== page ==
How to Find an Overseas Factory to Manufacture your Product


Let these platforms do the legwork.

When it comes to sourcing a supplier outside your nation’s borders, it can be hard to build and maintain a long-lasting professional relationship.

If you’re unsure where to begin, start by using online platforms such as ThomasNet, Maker’s Row, MFG and Kompass, which can serve as an initial business directory for contacts. You could also head to manufacturing and trade fairs, including the twice-yearly China Import and Export Fair (Canton Fair) in Guangzhou.

Once you’ve created a shortlist of factories, it’s important to ensure you have a clear sense of what you want, how much you are willing to pay, and what turnaround time you are after before you begin contacting suppliers.

Another important factor to consider is quality control, not just of the item itself, but its packaging, labelling and how it will be delivered to you. Have a test run by ordering samples first, before committing to a contract. It’s also a good idea to ask that your samples be made using the same machinery and techniques as the final pieces, as they can often be different, leading to significant changes.

And, just remember, working with startups is as much of a gamble for manufacturers as it is for investors. Steph Korey, co-founder of suitcase brand Away, says, “Manufacturers almost have the same perspective as investors: ‘You need to convince me that this is a real business opportunity for me, or else it’s just not worth my time.’”


When it comes to getting your idea out of your head and in my case onto fabric, it has been years of developing relationships, false starts and lucky breaks.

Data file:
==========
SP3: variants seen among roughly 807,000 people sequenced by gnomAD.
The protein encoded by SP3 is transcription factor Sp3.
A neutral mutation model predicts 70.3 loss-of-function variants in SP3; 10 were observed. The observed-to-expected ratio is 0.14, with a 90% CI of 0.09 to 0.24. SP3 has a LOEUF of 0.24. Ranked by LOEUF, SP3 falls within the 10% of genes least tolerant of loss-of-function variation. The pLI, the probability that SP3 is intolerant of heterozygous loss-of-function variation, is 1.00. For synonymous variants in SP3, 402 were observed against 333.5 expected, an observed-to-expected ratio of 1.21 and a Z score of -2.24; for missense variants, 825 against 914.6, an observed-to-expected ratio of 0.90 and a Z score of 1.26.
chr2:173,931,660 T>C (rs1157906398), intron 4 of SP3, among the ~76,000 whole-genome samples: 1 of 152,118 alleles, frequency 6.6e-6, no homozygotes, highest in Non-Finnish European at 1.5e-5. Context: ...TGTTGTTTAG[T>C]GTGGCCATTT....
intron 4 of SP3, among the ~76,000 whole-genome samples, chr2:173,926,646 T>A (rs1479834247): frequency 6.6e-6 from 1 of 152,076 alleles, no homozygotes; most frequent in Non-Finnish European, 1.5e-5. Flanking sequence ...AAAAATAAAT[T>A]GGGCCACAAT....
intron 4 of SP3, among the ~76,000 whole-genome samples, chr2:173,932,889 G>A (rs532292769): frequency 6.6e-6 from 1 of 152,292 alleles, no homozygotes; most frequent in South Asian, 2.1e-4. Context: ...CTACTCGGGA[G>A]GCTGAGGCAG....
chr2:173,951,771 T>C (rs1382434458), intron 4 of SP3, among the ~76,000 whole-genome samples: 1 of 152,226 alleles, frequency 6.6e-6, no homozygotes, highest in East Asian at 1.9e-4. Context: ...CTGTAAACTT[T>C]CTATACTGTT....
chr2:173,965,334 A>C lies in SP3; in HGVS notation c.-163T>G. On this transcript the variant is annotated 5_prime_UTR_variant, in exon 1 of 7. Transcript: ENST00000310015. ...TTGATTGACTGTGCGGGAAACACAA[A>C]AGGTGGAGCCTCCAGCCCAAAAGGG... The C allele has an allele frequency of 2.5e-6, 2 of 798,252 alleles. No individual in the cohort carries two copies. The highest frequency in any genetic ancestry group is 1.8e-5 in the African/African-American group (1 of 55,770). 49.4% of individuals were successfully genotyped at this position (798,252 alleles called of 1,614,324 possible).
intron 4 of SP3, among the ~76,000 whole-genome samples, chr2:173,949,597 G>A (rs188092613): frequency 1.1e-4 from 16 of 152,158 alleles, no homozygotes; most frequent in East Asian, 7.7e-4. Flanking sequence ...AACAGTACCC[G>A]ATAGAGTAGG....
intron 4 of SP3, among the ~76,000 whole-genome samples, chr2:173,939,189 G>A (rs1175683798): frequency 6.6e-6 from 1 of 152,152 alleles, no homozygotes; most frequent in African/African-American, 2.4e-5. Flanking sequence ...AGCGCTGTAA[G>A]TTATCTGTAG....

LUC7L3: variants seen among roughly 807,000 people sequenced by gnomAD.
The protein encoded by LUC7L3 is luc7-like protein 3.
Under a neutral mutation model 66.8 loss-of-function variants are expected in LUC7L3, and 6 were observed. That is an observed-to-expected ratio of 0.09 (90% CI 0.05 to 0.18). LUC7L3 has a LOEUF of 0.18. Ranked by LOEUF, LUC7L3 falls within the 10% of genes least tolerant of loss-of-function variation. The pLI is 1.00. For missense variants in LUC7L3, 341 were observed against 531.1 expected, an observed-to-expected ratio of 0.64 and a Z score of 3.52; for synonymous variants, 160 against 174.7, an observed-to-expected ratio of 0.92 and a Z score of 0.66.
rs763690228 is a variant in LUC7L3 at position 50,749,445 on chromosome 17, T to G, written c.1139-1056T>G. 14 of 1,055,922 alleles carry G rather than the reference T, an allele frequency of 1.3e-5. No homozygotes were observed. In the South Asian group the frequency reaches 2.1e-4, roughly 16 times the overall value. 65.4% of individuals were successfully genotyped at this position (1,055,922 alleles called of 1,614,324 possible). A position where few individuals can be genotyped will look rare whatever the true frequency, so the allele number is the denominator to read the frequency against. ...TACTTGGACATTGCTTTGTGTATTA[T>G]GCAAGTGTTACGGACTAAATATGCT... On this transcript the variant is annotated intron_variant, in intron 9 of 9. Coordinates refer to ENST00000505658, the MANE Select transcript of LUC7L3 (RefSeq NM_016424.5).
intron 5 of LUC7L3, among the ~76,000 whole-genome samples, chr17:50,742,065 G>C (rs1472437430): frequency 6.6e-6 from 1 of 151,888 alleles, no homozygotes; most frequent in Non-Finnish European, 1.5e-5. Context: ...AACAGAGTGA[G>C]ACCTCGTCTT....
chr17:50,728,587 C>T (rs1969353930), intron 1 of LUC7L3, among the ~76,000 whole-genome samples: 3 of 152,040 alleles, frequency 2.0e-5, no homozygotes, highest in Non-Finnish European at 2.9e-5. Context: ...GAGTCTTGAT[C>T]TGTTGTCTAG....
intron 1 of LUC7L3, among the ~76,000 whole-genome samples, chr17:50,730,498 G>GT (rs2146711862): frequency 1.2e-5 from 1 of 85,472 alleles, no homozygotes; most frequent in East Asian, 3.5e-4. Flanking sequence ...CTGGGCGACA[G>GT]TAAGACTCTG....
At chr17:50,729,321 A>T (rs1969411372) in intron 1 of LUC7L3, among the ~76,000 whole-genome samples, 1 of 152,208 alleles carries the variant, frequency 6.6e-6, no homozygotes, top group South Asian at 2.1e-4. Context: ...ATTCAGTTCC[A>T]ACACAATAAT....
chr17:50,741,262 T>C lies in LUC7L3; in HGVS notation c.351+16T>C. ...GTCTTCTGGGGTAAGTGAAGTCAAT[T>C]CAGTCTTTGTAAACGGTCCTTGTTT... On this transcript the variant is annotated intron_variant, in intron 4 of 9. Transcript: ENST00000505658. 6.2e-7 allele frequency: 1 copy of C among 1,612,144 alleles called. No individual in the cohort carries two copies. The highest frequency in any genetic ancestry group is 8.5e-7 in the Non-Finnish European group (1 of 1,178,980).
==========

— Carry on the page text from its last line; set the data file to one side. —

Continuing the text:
It took me five years to find someone who could do 100% linen aprons at the price I needed to be competitive, as well as get the quality I needed.

Finding a supplier and getting the product right is a time consuming and long process, I have worked hard getting my contacts, and getting my products just right. I have recently started offering my skills to other businesses, and offer to be a production agent for textile products, particularly organic GOTS certified fabric and cotton tote bags, with the ability to offer linen products also.

There is so much to learn about communicating with other cultures and the hurdle as you suggested to quality control, being thorough and giving detailed instructions and building trust over time, that the end product arrives just as the samples that were signed off.

I have found working with an agent in the country you are shipping from makes life much easier, and the gamble is real, as you said, manufacturers need convincing too.

Look at working with a shipping agent door-door service, it may be slightly more expensive, but they take care of all the paperwork, and give you a little cash flow breather as they give you a 30day payment from shipment landing.

There is so much more to say, but I just wanted to say great article, I love to see more about products and manufacture.


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